Salum Allikum.

Greetings, my dearest readers, from Zinder. Another month has passed, temperatures on both continents have dropped and we are nearing the holiday season, my first away from the ol’ U.S. of A. I am in the regional capitol to celebrate a belated Thanksgiving and gear up for another month at village.

My petite voyage started a few days earlier than expected when I fell very ill at my site. Thankfully, a Peace Corps vehicle was nearby doing a site visit and picked me up on its way back to Zinder. In the comforts of the hostel, I now have medication and am getting better. My stomach is still throwing fits, which is quite unfortunate since I have goodies from care packages that are screaming at me to consume them, but I hope it’ll back in shape for Thanksgiving dinner. Regardless, I am going to eat my mashed potatoes and pumpkin pie.

This is my first real sickness in country and I am happy to say I survived. It’s also quite a blessing that I was able to recover at the hostel, where I have access to better comfort food and ample amounts of movie time. (Expect a post about my sickness; it’s a pretty big deal in my world.)

When I got the call a vehicle was coming to get me, I packed my bag knowing I would stay through the weekend. I got sick on a Monday and had planned to go to town on Thursday for a Friday meeting, so it made sense to stay in Zinder and let my health reach 100 percent.

In my haste packing, I forgot my journal with November entries for December reading. I apologize to the three people who read this blog on the daily basis. To the other readers, I’ll have a few entries for this month that may tide you over until I can update more around Christmas time. I’ll be working on those while in Zinder and will have them scheduled throughout the month. You won’t know what day’s they’ll come, but they’ll appear in your newsfeed like a little holiday miracle. Just kidding, I have no idea what I am saying; it’s probably all the medication I am taking.

Thank you to all the people who’ve been reading and posting comments on my blog. As I write entries intended for the blog in my village, I wonder if anyone actually cares. It’s nice to know a few people who do, especially the parents and friends of my fellow volunteers. I am truly blessed to have your attention, even if just for a few minutes.

More to come soon.




P.S. THANK YOU to all the commenters. They make me tear up each much. To my dear friends and family, I love you all so much and miss you terribly. I could not be here if it wasn’t for your unending support. To the trainees, I am so impressed you guys are reading this while in Niamey. I can’t wait to meet you and I hope it’s soon! To parents of volunteers and anyone else who is so kind to read this blog, it makes me so happy that you find this blog interesting enough to come back. You are all wonderful and mean so much to me.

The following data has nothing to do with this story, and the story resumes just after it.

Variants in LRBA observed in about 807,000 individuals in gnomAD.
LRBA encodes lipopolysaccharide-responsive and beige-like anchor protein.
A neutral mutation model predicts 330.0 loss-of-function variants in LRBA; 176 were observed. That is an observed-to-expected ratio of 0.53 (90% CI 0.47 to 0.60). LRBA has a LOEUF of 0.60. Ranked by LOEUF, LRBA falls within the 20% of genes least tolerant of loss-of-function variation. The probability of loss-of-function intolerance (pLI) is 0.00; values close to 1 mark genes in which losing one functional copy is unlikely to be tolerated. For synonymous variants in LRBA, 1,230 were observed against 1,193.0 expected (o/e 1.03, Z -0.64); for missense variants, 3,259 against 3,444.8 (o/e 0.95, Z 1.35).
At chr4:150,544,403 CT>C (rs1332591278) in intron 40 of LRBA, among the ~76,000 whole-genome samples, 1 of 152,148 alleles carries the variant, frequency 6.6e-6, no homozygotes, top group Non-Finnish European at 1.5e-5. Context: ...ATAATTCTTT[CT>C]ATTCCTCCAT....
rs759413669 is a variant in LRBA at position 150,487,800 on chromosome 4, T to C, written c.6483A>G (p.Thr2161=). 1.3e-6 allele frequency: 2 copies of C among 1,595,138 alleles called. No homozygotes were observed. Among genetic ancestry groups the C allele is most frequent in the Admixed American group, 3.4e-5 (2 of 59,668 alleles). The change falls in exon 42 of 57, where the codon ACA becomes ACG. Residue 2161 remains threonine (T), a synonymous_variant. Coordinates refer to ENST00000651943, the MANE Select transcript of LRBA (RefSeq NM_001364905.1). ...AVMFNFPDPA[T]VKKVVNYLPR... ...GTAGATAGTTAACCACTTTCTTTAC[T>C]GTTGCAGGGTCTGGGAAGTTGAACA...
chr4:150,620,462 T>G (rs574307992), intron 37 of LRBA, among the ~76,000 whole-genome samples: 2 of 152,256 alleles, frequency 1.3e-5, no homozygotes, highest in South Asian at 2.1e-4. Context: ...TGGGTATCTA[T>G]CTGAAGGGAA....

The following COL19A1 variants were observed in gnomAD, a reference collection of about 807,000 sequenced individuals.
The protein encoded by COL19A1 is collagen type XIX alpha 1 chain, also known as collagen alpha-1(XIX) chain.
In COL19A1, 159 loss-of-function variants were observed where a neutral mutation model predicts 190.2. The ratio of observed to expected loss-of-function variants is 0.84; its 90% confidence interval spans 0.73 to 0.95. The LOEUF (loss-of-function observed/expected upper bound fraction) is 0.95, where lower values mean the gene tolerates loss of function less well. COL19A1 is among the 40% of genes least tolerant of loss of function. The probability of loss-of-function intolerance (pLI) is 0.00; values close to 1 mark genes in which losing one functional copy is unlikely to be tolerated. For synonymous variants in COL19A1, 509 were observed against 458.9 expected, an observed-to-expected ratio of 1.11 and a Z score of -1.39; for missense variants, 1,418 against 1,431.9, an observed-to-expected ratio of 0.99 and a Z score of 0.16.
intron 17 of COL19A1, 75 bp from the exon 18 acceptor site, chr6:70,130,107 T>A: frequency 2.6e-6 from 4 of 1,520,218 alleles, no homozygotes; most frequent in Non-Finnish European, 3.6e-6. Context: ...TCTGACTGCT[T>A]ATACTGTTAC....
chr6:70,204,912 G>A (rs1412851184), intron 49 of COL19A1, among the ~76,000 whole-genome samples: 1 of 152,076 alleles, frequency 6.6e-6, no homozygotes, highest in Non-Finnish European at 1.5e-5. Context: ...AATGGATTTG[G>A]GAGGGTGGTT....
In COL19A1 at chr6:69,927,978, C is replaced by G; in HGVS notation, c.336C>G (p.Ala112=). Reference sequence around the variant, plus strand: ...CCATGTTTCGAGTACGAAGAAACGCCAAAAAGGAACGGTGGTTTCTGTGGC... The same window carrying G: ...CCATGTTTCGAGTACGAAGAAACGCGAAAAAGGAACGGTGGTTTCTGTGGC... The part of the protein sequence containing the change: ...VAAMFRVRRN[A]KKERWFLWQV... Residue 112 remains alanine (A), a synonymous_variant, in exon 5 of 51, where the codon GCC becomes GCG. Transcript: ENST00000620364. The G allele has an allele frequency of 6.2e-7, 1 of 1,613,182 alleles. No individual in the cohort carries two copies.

5 thoughts on “Fakesgiving

  1. Glad to hear you’re feeling better – I talked with your dad the other day when he called my office to get ahold of Dr. Huber. I hope I’m counted as one of the regular readers – I subscribe in my google reader and email and look forward to your dispatches. I always wanted to be in the Corps and am living vicariously through you! Take care.

  2. Heather,

    I read your blog every day. I’m doing my best to keep in touch with the PCVs that were in training with Stephanie. It’s almost been 2 months since her passing and I still miss her as much today and I did then, if not more. I have some gifts coming to Niger via Valerie Staats. It will take a while to get everything to Niger, but once it’s all there, she’ll make sure it is distributed.

    Keep Steph in your prayers and keep her work alive. Love, Kathy

  3. Megan, you are definitely considered a regular reader! Thank you so much for reading and keeping tabs on me. Also, my dad mentioned he talked to you the other day. I am sure he is a handful for you to deal with 🙂 I hope things are well with you, Corey and Pepper. You’ll have to keep me updated on all the hot spots in Sioux Falls since you guys always seem to know them!

    Kathy, It means so much to me that you have followed my blog. Not a day goes by that I don’t think of or miss Stephanie. We planted a garden in the Zinder hostel for her and I hope to send you pictures once the sign is done. Thank you for sending the gifts for our villages and keeping up with us. Please know that you are still in our thoughts and prayers and I will always do my best to keep her work alive.

  4. Thank you! for writing … I miss Niger so much and reading your blogs bring me back. I check it every day. Even though I lived in the Tillaberi region I still feel such a connection yo your experience. Live it up because it will pass quickly and you’ll one day miss it greatly.

  5. This makes me giggle:
    “You won’t know what day’s they’ll come, but they’ll appear in your newsfeed like a little holiday miracle. Just kidding, I have no idea what I am saying; it’s probably all the medication I am taking.”

    Miss you! Glad we were able to chat today and I’m EXTRA glad that you are feeling better! Much love!

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